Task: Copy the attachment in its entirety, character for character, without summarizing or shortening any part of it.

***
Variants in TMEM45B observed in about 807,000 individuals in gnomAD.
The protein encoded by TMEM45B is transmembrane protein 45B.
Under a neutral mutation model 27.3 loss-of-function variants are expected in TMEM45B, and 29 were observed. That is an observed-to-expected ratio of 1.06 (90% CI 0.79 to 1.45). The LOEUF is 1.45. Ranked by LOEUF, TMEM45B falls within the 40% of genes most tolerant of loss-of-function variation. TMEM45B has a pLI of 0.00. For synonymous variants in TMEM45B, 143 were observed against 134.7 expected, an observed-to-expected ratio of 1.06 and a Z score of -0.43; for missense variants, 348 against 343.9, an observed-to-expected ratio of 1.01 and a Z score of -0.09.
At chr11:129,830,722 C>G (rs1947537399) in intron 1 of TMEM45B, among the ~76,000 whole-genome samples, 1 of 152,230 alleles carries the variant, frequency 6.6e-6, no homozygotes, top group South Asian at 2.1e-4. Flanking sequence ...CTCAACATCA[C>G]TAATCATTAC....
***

Variants in TMEM45B observed in about 807,000 individuals in gnomAD.
The protein encoded by TMEM45B is transmembrane protein 45B.
Under a neutral mutation model 27.3 loss-of-function variants are expected in TMEM45B, and 29 were observed. That is an observed-to-expected ratio of 1.06 (90% CI 0.79 to 1.45). The LOEUF is 1.45. Ranked by LOEUF, TMEM45B falls within the 40% of genes most tolerant of loss-of-function variation. TMEM45B has a pLI of 0.00. For synonymous variants in TMEM45B, 143 were observed against 134.7 expected, an observed-to-expected ratio of 1.06 and a Z score of -0.43; for missense variants, 348 against 343.9, an observed-to-expected ratio of 1.01 and a Z score of -0.09.
At chr11:129,830,722 C>G (rs1947537399) in intron 1 of TMEM45B, among the ~76,000 whole-genome samples, 1 of 152,230 alleles carries the variant, frequency 6.6e-6, no homozygotes, top group South Asian at 2.1e-4. Flanking sequence ...CTCAACATCA[C>G]TAATCATTAC....